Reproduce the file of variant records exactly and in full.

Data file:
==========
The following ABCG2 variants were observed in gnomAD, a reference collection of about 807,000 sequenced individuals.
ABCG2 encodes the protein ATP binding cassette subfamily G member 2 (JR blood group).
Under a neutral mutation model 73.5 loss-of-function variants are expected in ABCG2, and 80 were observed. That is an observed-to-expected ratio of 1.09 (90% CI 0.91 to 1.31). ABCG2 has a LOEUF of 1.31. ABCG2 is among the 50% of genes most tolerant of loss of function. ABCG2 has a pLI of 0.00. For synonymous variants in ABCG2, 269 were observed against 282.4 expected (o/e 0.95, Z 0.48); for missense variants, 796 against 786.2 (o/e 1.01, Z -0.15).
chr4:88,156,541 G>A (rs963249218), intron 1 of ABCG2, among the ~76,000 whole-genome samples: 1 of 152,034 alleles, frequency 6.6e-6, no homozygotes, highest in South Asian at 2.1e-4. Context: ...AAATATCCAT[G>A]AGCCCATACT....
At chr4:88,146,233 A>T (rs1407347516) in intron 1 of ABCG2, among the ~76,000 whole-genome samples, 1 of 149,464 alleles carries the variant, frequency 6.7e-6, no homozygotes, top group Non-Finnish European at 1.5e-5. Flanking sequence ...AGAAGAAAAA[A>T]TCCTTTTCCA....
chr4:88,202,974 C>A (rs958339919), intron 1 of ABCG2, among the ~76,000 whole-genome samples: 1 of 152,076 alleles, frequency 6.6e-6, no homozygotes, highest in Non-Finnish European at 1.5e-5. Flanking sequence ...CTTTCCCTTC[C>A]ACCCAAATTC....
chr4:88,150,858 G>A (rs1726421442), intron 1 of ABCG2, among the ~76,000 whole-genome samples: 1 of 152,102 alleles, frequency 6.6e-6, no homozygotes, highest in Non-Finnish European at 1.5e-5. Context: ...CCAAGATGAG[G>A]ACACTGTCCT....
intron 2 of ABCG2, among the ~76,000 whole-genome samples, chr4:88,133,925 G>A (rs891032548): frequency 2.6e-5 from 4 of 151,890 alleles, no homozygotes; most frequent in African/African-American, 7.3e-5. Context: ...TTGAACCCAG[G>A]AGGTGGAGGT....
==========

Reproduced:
The following ABCG2 variants were observed in gnomAD, a reference collection of about 807,000 sequenced individuals.
ABCG2 encodes the protein ATP binding cassette subfamily G member 2 (JR blood group).
Under a neutral mutation model 73.5 loss-of-function variants are expected in ABCG2, and 80 were observed. That is an observed-to-expected ratio of 1.09 (90% CI 0.91 to 1.31). ABCG2 has a LOEUF of 1.31. ABCG2 is among the 50% of genes most tolerant of loss of function. ABCG2 has a pLI of 0.00. For synonymous variants in ABCG2, 269 were observed against 282.4 expected (o/e 0.95, Z 0.48); for missense variants, 796 against 786.2 (o/e 1.01, Z -0.15).
chr4:88,156,541 G>A (rs963249218), intron 1 of ABCG2, among the ~76,000 whole-genome samples: 1 of 152,034 alleles, frequency 6.6e-6, no homozygotes, highest in South Asian at 2.1e-4. Context: ...AAATATCCAT[G>A]AGCCCATACT....
At chr4:88,146,233 A>T (rs1407347516) in intron 1 of ABCG2, among the ~76,000 whole-genome samples, 1 of 149,464 alleles carries the variant, frequency 6.7e-6, no homozygotes, top group Non-Finnish European at 1.5e-5. Flanking sequence ...AGAAGAAAAA[A>T]TCCTTTTCCA....
chr4:88,202,974 C>A (rs958339919), intron 1 of ABCG2, among the ~76,000 whole-genome samples: 1 of 152,076 alleles, frequency 6.6e-6, no homozygotes, highest in Non-Finnish European at 1.5e-5. Flanking sequence ...CTTTCCCTTC[C>A]ACCCAAATTC....
chr4:88,150,858 G>A (rs1726421442), intron 1 of ABCG2, among the ~76,000 whole-genome samples: 1 of 152,102 alleles, frequency 6.6e-6, no homozygotes, highest in Non-Finnish European at 1.5e-5. Context: ...CCAAGATGAG[G>A]ACACTGTCCT....
intron 2 of ABCG2, among the ~76,000 whole-genome samples, chr4:88,133,925 G>A (rs891032548): frequency 2.6e-5 from 4 of 151,890 alleles, no homozygotes; most frequent in African/African-American, 7.3e-5. Context: ...TTGAACCCAG[G>A]AGGTGGAGGT....